From Captains on the Arctic seas, to military highway engineers, to attorneys and legislators, African Americans in Alaska came early in the history of the territory and helped develop the state as we recognize it today. Black whalers were some of the first people from the east coast to see Alaska, starting in the early 1840s . . .

Stories that Connect: Review of Mostly Water by Mary Odden

Water flows over and through the pebbles on the cover of Mostly Water: Reflections Rural and North. Water connects. Mary Odden, a long-time resident of rural Alaska, has graced us with this collection of essays written over the course of her many years in various regions of rural Alaska. Built upon each other with love, these anecdotes articulate connections between people, animals, land, sky, water, music, and memory. It’s an intimate book, and not a skimmable one. Nuggets of humor and irony randomly appear like brown sugar in the most unexpected places, and you won’t want to miss them.

Crossing Borders: Review of Floating Coast by Bathsheba Demuth

Floating Coast reads like a wave, moving from ocean to shore on both sides of the Bering Strait, from ocean to ice to land, then up the rivers, and then underground, then spilling back out to the sea. Floating Coast is a . . .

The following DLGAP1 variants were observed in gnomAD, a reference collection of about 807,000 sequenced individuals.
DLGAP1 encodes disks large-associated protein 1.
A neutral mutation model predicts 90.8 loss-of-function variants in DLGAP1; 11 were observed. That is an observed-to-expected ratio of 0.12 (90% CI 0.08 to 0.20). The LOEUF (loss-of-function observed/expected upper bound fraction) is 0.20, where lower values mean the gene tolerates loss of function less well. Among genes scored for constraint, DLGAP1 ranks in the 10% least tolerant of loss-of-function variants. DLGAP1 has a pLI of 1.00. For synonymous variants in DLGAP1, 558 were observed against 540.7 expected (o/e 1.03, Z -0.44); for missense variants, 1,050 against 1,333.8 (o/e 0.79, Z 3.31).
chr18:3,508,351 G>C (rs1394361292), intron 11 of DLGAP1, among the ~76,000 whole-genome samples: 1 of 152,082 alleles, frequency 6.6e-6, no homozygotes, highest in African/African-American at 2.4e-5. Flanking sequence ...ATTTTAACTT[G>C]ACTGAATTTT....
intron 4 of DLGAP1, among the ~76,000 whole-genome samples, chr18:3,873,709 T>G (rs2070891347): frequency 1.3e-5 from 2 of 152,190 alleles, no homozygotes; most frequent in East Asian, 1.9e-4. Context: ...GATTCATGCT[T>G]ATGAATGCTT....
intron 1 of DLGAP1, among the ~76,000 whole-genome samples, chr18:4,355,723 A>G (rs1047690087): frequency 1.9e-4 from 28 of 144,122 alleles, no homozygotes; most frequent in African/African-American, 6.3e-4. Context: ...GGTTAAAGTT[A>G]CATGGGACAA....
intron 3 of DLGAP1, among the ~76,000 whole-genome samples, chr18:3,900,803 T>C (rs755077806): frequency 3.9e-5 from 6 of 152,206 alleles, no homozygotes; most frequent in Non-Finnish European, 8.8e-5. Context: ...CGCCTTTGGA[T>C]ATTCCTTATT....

An Interview with Julia Phillips, Part 3

“It is an extraordinary betrayal of a national promise to care for, that the state will care for the people and its land. And . . . that the state has said “Yes, we are here, you can depend on us. Put aside your traditional ways of gathering food or of looking out for each other. Because we are here now, . . . to . . . supplant your economy with our economy now, so you can depend on it and we’ll be there.” And then for that state to disappear, is deadly. It’s really deadly.”

Review of Taaqtumi: An Anthology of Arctic Horror Stories

Dogs, blizzards, and ice dominate the dark landscape of Taaqtumi, An Anthology of Arctic Horror Stories. A supporting cast of zombies, nanurluk (giant polar bear), snowmobiles, and more, round out these horror stories from the far North. Traditional Iñuit storytelling and modern literary styles . . .

An Interview with Julia Phillips, Part 2

In this episode, we dive into specifics about the author’s identity and experience as a white American woman from New York City, observing rural and Indigenous Russians of Kamchatka in their day-to-day lives. We hear her reflections about time spent in rural Kamchatka, traveling with dogsled teams, reindeer herding families, and gathering wild foods. We reflect on circumpolar questions about the ocean’s fish supply after Fukushima,

While Nanabijou Sleeps: Tanya Talaga on racism and survival of Indigenous youth

Three hours north of Thunder Bay, Ontario, Armstrong had several large new homes situated on a rise above the town, each with a law enforcement vehicle parked in the driveway. Below these houses, most of the community lived in older, smaller, rundown homes. We wondered about the relationship between these officers in “Armstrong Heights” and the rest of the community, given